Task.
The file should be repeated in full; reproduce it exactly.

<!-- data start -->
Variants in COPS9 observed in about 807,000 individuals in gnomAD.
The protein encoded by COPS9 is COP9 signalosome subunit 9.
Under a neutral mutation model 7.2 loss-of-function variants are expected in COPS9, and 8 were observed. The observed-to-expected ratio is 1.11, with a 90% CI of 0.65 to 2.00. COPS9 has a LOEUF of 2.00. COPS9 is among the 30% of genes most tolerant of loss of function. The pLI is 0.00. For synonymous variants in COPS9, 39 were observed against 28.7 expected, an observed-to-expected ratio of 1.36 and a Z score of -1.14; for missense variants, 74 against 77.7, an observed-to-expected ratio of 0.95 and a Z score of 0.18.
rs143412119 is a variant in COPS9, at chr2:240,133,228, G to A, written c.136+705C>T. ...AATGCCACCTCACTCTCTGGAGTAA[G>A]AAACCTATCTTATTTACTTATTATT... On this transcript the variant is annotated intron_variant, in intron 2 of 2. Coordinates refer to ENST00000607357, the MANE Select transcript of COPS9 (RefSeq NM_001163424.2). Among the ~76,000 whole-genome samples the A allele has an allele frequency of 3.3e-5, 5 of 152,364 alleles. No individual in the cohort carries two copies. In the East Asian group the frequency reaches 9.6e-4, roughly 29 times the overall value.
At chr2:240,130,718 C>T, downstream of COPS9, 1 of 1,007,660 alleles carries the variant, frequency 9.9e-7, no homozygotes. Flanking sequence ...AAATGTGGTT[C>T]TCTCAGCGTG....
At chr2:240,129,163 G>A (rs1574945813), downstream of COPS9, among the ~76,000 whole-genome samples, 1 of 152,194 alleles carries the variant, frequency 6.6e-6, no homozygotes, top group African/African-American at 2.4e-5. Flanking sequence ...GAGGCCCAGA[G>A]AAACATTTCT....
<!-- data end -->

Variants in COPS9 observed in about 807,000 individuals in gnomAD.
The protein encoded by COPS9 is COP9 signalosome subunit 9.
Under a neutral mutation model 7.2 loss-of-function variants are expected in COPS9, and 8 were observed. The observed-to-expected ratio is 1.11, with a 90% CI of 0.65 to 2.00. COPS9 has a LOEUF of 2.00. COPS9 is among the 30% of genes most tolerant of loss of function. The pLI is 0.00. For synonymous variants in COPS9, 39 were observed against 28.7 expected, an observed-to-expected ratio of 1.36 and a Z score of -1.14; for missense variants, 74 against 77.7, an observed-to-expected ratio of 0.95 and a Z score of 0.18.
rs143412119 is a variant in COPS9, at chr2:240,133,228, G to A, written c.136+705C>T. ...AATGCCACCTCACTCTCTGGAGTAA[G>A]AAACCTATCTTATTTACTTATTATT... On this transcript the variant is annotated intron_variant, in intron 2 of 2. Coordinates refer to ENST00000607357, the MANE Select transcript of COPS9 (RefSeq NM_001163424.2). Among the ~76,000 whole-genome samples the A allele has an allele frequency of 3.3e-5, 5 of 152,364 alleles. No individual in the cohort carries two copies. In the East Asian group the frequency reaches 9.6e-4, roughly 29 times the overall value.
At chr2:240,130,718 C>T, downstream of COPS9, 1 of 1,007,660 alleles carries the variant, frequency 9.9e-7, no homozygotes. Flanking sequence ...AAATGTGGTT[C>T]TCTCAGCGTG....
At chr2:240,129,163 G>A (rs1574945813), downstream of COPS9, among the ~76,000 whole-genome samples, 1 of 152,194 alleles carries the variant, frequency 6.6e-6, no homozygotes, top group African/African-American at 2.4e-5. Flanking sequence ...GAGGCCCAGA[G>A]AAACATTTCT....